Colorado becomes first state in nation to cap price of insulin |

Colorado becomes first state in nation to cap price of insulin

Anna Staver
The Denver Post
Humalog is one of several insulins used by type 1 diabetics.
John F. Russell

DENVER — Diabetics in Colorado who use insulin to control their blood sugar levels won’t pay more than $100 per month for the drug starting in January thanks to a bill signed into law by Gov. Jared Polis on Wednesday.

“Today, we will declare that the days of insulin price gouging are over in Colorado,” Polis said in his office as he signed the bill, according to CBS Denver.

Insulin has been around for nearly a century, but the price that patients with Type 1 and Type 2 diabetes pay for the drug has doubled since 2012, according to the Healthcare Cost Institute. The cost of insulin can creep up toward $1,000 for those whose health care coverage requires significant cost-sharing.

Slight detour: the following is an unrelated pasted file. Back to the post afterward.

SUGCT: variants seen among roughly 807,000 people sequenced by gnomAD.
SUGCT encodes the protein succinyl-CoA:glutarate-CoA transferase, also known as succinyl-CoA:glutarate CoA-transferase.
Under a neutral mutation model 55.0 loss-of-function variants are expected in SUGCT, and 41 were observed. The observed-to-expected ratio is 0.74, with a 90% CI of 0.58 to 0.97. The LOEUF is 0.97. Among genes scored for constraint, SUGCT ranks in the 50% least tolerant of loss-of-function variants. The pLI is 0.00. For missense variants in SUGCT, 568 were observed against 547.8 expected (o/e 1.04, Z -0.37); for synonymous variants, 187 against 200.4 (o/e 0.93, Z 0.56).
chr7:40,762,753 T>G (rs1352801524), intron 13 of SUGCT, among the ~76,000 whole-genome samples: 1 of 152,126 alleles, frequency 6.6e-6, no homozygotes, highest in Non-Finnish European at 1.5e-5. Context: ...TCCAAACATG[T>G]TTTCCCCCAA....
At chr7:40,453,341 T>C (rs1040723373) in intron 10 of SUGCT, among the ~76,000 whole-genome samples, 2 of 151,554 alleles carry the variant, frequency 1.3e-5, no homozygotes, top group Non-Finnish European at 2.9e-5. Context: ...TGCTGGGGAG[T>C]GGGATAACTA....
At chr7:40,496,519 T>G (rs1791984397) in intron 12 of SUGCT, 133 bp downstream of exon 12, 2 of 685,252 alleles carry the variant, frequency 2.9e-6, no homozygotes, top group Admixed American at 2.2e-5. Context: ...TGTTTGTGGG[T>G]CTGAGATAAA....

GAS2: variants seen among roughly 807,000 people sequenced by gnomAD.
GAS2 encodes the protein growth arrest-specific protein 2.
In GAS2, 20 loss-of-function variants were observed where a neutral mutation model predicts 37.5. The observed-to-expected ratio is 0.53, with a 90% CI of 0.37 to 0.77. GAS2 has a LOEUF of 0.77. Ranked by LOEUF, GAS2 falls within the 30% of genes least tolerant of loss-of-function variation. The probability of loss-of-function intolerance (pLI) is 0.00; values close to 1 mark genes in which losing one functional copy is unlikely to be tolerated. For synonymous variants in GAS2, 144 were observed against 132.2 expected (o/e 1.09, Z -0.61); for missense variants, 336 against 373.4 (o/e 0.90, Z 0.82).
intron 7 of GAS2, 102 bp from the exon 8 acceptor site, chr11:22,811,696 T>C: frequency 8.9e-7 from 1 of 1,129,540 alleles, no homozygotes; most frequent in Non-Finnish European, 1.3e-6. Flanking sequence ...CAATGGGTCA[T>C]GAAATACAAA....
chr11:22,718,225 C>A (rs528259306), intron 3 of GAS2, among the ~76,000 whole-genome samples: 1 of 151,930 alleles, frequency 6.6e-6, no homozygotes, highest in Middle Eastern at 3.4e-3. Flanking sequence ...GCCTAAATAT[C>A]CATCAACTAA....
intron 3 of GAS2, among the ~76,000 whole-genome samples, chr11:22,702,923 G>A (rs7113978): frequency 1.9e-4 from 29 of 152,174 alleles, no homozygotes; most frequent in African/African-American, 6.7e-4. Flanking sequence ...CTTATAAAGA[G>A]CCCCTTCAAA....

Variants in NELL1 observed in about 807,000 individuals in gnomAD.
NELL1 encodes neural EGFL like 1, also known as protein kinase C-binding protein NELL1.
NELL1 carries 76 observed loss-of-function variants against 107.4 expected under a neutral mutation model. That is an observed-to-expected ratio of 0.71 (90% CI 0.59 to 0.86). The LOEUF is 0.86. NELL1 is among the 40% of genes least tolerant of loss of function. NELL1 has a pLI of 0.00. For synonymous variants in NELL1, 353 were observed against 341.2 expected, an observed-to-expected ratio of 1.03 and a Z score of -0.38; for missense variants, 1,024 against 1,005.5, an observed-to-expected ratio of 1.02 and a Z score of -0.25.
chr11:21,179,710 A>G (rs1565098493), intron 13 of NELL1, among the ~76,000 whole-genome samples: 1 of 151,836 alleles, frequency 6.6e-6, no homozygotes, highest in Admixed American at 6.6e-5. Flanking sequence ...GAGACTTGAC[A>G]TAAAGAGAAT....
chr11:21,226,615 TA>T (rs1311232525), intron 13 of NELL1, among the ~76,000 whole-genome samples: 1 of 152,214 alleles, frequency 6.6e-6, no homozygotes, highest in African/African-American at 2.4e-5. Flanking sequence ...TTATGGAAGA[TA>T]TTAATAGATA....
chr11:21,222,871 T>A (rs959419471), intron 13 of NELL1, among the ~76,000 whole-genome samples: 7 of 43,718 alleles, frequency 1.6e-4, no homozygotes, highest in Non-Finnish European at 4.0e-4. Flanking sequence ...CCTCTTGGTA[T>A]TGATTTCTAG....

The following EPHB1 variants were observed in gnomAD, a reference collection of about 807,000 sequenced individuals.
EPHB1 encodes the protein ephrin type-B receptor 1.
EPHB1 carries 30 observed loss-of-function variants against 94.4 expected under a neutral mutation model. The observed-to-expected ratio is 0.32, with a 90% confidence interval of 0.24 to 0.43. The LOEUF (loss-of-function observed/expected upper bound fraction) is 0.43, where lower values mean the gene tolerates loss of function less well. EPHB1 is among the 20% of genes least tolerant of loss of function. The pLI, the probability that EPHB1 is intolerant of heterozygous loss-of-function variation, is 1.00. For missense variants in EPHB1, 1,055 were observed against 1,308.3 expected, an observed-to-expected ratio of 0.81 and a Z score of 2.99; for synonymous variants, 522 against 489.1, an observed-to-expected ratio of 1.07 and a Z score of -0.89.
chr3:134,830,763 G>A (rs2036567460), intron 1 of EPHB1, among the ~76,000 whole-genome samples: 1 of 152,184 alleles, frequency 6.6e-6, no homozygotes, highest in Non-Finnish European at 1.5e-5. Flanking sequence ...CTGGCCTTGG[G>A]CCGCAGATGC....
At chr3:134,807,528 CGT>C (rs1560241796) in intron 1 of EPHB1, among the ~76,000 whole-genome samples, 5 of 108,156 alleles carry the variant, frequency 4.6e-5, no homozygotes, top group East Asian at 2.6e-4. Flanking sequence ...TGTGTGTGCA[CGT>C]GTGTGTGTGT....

The sudden spike in insulin prices lead to congressional inquiries and public outrage, but Colorado is the first state to implement a cap on what its residents can be charged for the medication. The law doesn’t limit what insulin manufacturers can charge insurance companies, and it’s expected those insurers will pay the difference.

The new law also requires Attorney General Phil Weiser to investigate why drug manufacturers started rapidly raising the price of insulin in recent years, and it tasks the Department of Law with issuing a report of his findings by November 2020.

Rep. Dylan Roberts, D-Avon, who sponsored the bill in the House, told The Denver Post earlier this year that the projections he saw showed the price of health care plans increasing by “a couple of cents, per person, per month.” 

Roberts’ first attempt to get a similar insulin-pricing bill passed was stopped in committee by a partisan 3-2 vote in May 2018 when Roberts was a freshman legislator.

Roberts told the Steamboat Pilot & Today last spring that his efforts to try to lower the price of insulin were motivated, in part, by the fact that his brother Murphy Roberts was diagnosed with Type 1 diabetes at age 10 and lived with it until he died in 2016 from complications he suffered after having a diabetic seizure, falling and hitting his head on the ground in southern Utah while hiking.

“Nothing about whether it passed or not would have saved my brother’s life,” Roberts explained back in spring 2018. “He passed not because he didn’t have insulin or because of the cost of insulin, but he made me want to advocate for that community.”

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